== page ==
When Billy, the glue of a tight Irish community in New York, dies as a result of lifelong alcohol abuse, mourners gather around roast beef and green bean amandine to tell tales and ruminate on his struggle for happiness after he lost his first love, Eva. With carefully drawn character studies and gentle probing, McDermott, who won the National Book Award for this work, masterfully weaves a subtle but tenacious web of relationships to explore the devastation of alcoholism, the loss of innocence, the daily practice of love, and the redeeming unity of family and friendship.
1. If Billy's wife had been beautiful, observes the narrator, "then the story of his life, or the story they would begin to re-create for him this afternoon, would have to take another turn" (p. 3). What is the accepted story of Billy's life as presented by the mourners assembled at the funeral lunch? Which aspects of that story turn out to be false?
2. Rosemary says that Billy's alcoholism was "a disease" (p. 19): Dan Lynch says that "maybe for some people it's a disease . . . Maybe for some it's a sadness they can't get rid of or a disappointment that won't go away . .. They're loyal to their own feelings" (pp. 20-21). Dennis says that "an alcoholic can always find a reason but never needs one" (p. 35). When it comes to Billy, which of them is right?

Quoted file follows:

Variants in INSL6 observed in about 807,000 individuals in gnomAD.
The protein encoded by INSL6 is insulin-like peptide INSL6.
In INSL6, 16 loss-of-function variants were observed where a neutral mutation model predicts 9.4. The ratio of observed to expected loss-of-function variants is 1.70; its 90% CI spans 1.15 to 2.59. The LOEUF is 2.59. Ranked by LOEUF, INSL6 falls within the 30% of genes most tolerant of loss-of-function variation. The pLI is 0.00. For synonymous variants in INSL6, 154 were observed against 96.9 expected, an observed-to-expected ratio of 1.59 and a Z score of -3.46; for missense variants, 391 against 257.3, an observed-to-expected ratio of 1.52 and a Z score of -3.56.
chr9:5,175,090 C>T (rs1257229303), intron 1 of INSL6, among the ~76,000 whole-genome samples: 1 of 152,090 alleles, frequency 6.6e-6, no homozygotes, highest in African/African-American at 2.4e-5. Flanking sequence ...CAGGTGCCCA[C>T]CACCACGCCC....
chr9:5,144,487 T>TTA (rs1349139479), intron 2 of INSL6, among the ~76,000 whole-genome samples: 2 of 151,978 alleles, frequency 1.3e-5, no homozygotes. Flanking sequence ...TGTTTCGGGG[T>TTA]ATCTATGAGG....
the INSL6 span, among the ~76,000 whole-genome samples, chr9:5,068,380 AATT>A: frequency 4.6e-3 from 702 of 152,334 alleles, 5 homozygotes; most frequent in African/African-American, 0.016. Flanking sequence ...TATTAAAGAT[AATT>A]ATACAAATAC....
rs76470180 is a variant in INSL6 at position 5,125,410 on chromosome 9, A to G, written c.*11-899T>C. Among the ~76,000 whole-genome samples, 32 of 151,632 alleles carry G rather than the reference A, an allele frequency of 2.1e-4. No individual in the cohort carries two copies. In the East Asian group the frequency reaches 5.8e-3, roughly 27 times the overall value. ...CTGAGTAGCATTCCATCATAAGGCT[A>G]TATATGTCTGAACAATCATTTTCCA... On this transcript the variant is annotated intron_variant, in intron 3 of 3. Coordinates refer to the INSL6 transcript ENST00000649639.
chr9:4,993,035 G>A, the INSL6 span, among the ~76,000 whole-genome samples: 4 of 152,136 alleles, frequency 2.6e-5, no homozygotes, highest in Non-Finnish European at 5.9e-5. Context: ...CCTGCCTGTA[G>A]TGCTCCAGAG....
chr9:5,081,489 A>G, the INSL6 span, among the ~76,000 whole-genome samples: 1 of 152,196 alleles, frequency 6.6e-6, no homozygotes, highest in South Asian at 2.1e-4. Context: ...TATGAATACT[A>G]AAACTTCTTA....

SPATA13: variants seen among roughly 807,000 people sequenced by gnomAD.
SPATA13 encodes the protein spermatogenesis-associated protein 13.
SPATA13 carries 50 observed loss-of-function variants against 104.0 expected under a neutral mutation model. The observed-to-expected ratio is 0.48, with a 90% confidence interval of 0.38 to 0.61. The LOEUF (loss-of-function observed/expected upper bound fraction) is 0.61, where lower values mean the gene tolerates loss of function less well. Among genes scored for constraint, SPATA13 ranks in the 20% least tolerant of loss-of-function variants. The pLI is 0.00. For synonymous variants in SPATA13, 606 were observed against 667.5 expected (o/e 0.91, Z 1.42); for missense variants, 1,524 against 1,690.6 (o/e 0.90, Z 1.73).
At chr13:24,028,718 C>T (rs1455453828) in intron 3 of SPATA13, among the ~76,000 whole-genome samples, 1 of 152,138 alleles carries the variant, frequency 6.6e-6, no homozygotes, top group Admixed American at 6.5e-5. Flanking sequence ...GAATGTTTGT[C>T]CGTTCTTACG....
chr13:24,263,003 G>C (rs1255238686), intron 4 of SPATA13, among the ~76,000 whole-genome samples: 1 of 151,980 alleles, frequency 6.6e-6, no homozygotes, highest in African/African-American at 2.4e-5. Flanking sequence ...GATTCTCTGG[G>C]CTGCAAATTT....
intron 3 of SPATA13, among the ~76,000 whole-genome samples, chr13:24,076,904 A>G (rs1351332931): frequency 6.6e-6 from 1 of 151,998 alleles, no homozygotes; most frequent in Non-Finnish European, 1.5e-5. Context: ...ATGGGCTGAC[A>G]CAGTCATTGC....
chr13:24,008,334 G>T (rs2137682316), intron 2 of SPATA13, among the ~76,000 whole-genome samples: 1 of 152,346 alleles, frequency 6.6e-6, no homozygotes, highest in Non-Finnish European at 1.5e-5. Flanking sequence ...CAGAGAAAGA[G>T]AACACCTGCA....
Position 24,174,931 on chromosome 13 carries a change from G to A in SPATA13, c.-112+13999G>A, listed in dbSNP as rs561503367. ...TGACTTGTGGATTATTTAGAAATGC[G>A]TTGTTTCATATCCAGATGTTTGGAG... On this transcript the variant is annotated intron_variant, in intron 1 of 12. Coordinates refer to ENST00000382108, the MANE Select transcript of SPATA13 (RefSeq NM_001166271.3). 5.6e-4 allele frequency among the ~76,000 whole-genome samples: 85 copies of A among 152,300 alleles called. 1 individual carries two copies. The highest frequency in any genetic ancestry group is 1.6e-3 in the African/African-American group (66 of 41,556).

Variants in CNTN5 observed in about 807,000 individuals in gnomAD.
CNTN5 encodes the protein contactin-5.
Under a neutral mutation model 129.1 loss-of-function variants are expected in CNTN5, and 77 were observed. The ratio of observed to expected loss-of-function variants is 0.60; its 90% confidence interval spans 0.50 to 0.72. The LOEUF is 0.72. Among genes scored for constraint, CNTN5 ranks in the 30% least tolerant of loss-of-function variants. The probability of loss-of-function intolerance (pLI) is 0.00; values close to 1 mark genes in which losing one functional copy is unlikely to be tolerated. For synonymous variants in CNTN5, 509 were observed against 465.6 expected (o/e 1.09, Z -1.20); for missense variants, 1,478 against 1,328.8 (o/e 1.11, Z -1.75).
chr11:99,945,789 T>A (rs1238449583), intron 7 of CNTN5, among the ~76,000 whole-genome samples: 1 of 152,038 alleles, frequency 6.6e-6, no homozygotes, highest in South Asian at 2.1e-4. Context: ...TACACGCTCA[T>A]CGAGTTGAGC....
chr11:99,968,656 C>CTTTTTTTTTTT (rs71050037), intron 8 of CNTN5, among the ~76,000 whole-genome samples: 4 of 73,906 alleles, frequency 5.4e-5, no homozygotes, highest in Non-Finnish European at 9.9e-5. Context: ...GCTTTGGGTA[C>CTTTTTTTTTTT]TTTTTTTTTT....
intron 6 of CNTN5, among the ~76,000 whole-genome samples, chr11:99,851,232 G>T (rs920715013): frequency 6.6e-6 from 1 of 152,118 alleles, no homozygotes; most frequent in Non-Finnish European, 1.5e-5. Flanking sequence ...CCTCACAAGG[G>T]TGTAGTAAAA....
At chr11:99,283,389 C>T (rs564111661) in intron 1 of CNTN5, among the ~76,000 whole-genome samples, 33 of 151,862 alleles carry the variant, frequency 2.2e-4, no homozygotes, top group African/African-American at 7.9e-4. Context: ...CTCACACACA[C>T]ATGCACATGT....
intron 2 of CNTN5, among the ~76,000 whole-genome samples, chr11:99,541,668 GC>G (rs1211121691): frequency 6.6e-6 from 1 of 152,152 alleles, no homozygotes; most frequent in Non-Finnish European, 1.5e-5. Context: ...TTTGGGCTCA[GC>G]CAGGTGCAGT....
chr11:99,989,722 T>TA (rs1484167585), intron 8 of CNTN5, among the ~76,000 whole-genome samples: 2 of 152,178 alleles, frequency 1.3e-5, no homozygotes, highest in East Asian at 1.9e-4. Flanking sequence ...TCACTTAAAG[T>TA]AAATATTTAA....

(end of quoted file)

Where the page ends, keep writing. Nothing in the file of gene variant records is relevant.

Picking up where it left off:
3. When Dennis decides to tell Billy that Eva is dead, he thinks, "Better he be brokenhearted than trailed all the rest of his life by a sense of his own foolishness" (p. 31). Does Dennis come to change his mind later in life, to regret having told a lie? What other lies does Dennis tell Billy, and what illusions does he allow Billy to entertain?
4. Dennis says, "When Billy sets his heart on something there's no changing him. He's loyal. He's got this faith--which is probably why he drinks" (pp. 35-36). Why does Dennis link drinking with faith? What does Dennis mean when he says Billy has faith? Is this faith connected with religious faith? "Redemption" is a favorite word of Billy's (p. 187). What does it mean to him? What does the narrator mean when she contrasts Billy's type of faith with Dennis's (p. 242)?
5. What does the demeanor of the priest who visits Maeve and the way the assembled mourners react tohim tell us about the author's attitude toward the Church and its dogmas about life and death? What are Billy's feelings toward these dogmas? What are Dennis's, and what about the narrator's?